I have been reading books on the art and craft of writing ever since I found a whole shelf of them in the British Council library in New Delhi, at the age of fourteen or so. I would bring home books on dialogue, setting, narrative and characters. I read articles on writing query letters and doing research and getting an agent - all the traditional aspects of being a writer, before the advent of indie publishing. I read every book I could get my hands on, and yet almost never wrote anything myself. I didn't believe that anyone would want to read anything I had to say, in fact, I believed that I didn't really have anything to say. I was what Julia Cameron calls, a "shadow writer".
Sure, I wrote essays in school for assignments and tests. I got back my English exams with glowing praise on the margins of my essays - I remember one comment from my English teacher, someone I particularly adored and respected - she had said "It's a pleasure to read your writing, as always!" I loved the praise, and yet couldn't bring myself to believe it. She was just being nice, I told myself. I entered competitions in school for essays, and won certificates. And yet I continued to believe that I wasn't any good at writing - after all, if I had been, I would have won first prize. I was waiting for external validation, a stamp that told me I was a writer, and that now I had permission to create. And yet I rejected every form of validation that I did happen to receive, as not being good enough, or not conclusive enough to "prove" my writing talent.
By the time I graduated high school, I had an idea at the back of my mind that one day I would write books, and be a "real writer", but that it would be something I did along with my primary career. It never occurred to me that I could ever earn a living solely by writing, or that I would want to. By this time I had stopped asking myself whether I could write, but I still wasn't writing anything that wasn't assigned.
In college, I started to rub up against the writing life by fantasizing about writing freelance articles, and collected writer's guidelines for magazines like the way some people collect stamps. I carefully filed them away and dreamt of the articles I could be writing, deluding myself that just one of these days I would get around to actually writing something.
In the meantime, I had been commissioned by an Indian publisher to write a study guide on the poems of Seamus Heaney (how this came about is a story for another day). I was thrilled, and working on the book while juggling law school and many extra-curricular activities, but I still didn't really think of myself as a writer, published or otherwise. I tried to get a gig writing reviews on arty events on campus, but the editor probably didn't like the one review I wrote for him, and never asked me back. That one rejection did more to convince me that I couldn't write (and couldn't ever hope to) than all the compliments I had received over the years made me think I could.
It was only after graduation, when I came across a yellow book in a bookstore on a day when I was browsing the writing reference section, as usual, that I finally started to have the courage to put down words on paper without waiting for an external assignment. Julia Cameron's book "The Right to Write" gave me the tools to tentatively explore writing without expectations, although it was predictably rocky going. Although I didn't necessarily get very far with my first attempts, at least I had begun.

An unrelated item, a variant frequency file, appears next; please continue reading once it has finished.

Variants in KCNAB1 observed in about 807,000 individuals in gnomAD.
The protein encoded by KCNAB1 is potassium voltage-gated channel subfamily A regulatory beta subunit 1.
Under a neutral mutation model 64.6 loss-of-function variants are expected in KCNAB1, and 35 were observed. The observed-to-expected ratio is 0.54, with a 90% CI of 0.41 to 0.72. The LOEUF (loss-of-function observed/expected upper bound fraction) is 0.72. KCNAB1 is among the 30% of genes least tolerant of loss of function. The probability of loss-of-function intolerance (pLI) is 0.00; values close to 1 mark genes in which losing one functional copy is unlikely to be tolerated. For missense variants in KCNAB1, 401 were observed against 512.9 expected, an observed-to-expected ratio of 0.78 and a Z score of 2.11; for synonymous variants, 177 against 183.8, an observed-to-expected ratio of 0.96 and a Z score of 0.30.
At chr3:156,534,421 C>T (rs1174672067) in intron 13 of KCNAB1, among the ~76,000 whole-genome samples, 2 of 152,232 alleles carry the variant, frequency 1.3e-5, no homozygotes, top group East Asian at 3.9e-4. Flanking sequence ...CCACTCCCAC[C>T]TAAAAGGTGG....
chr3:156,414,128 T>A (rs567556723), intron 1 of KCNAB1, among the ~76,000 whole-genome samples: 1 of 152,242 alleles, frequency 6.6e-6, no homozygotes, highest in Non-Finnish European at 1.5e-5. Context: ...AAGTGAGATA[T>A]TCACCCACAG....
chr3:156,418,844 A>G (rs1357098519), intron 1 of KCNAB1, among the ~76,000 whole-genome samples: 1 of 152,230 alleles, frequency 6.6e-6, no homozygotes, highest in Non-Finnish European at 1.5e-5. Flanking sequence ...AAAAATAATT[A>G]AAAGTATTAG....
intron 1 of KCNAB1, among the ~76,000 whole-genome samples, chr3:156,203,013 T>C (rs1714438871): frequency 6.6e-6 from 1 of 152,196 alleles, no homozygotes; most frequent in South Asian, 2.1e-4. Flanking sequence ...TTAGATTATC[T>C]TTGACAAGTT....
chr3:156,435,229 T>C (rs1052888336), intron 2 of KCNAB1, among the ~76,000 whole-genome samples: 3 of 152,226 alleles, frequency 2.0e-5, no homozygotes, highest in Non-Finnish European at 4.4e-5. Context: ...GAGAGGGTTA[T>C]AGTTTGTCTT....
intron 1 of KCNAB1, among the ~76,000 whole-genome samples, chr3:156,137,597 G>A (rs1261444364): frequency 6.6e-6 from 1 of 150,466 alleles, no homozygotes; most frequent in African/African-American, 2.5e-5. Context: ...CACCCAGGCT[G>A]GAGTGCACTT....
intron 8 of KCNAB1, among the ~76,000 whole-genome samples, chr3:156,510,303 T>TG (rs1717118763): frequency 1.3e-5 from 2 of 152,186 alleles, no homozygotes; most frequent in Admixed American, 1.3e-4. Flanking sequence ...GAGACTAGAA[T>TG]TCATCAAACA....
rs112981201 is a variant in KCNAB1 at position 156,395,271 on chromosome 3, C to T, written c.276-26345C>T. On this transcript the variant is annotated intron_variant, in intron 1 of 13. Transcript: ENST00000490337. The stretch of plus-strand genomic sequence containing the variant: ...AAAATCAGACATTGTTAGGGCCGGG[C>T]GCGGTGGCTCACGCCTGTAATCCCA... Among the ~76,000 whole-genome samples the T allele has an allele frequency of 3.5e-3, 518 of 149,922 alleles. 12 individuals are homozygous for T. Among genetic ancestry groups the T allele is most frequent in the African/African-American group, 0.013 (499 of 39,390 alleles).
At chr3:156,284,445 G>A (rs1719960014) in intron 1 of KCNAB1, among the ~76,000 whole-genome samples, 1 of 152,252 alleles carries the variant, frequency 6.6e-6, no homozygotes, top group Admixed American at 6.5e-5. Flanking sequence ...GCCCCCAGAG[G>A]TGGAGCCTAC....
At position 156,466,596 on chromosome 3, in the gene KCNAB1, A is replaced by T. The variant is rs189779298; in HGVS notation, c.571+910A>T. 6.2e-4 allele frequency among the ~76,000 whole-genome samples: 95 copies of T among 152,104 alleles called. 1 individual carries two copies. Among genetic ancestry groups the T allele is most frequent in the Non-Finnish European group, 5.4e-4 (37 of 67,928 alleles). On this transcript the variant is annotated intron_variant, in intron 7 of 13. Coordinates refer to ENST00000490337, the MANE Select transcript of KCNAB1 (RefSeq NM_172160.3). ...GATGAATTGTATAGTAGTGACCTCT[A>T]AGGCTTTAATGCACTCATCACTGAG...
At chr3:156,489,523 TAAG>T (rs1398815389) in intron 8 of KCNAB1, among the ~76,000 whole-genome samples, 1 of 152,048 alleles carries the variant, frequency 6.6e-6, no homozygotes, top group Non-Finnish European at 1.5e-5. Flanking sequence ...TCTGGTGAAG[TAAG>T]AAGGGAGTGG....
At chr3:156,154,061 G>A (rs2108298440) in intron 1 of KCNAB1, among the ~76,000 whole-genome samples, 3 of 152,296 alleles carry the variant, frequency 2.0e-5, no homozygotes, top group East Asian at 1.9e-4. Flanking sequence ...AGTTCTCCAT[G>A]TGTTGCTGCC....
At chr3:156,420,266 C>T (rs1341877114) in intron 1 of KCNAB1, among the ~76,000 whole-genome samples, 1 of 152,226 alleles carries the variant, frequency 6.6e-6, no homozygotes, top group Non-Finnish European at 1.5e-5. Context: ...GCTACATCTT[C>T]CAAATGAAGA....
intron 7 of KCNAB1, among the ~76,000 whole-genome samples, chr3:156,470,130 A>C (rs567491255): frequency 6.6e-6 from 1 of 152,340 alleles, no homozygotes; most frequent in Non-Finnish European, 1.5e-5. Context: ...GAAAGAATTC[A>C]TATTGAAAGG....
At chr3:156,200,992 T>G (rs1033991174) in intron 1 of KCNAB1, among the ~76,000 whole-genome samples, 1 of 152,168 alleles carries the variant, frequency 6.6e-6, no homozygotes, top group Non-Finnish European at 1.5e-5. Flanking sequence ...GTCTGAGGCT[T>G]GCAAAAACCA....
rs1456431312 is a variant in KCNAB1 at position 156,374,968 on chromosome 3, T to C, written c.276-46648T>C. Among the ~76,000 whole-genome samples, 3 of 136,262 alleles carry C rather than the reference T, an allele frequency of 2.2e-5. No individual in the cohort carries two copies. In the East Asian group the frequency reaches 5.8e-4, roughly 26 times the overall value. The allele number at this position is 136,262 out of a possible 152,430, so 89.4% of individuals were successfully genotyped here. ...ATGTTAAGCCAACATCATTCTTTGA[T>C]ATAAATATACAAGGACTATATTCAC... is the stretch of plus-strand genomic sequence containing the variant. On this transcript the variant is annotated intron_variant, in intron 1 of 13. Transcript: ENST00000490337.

In one of her other books, Julia mentions the notion of "shadow artists", who desperately want to make art, and thus try to stay close to their chosen medium in various ways, when they lack the courage to actually try to create art themselves. Thus my years of reading books about writing, even when I wasn't writing anything myself. And when I finally did start to write, I almost gave up just as soon, because those writing books filled my head as I tentatively put down one word after another - I started to think about how difficult it was to get an agent or write a good query letter or how writers got hundreds of rejection letters before they sold anything. I was putting the cart before the horse - worrying about something that wasn't likely if I never finished any piece of writing.
Last year I published four books. I am currently working on what will hopefully be my sixth published book. Yesterday, I was at an event where when people asked me what I do, I waffled, and talked about my consulting and research projects, and then finally, tentatively announced - "I write books". The reactions were varied, and some people showed a lot of interest. I found myself hesitatingly explaining what my current book was about - and although I could have sounded more confident - I realize that I'm no longer in the shadows, cowering. I stepped out, shrugged off the cloak of invisibility, and decided, however shakily, that I would claim my identity as a "real artist". I am a writer - I repeat to myself over and over, hoping it sticks. I might find it hard to always claim my title, but at least these days I no longer need to covet my art from a distance. I write, often, and regardless of the quality of each individual piece, as the work piles up, I know that my artist self is as much a part of my life as any other part.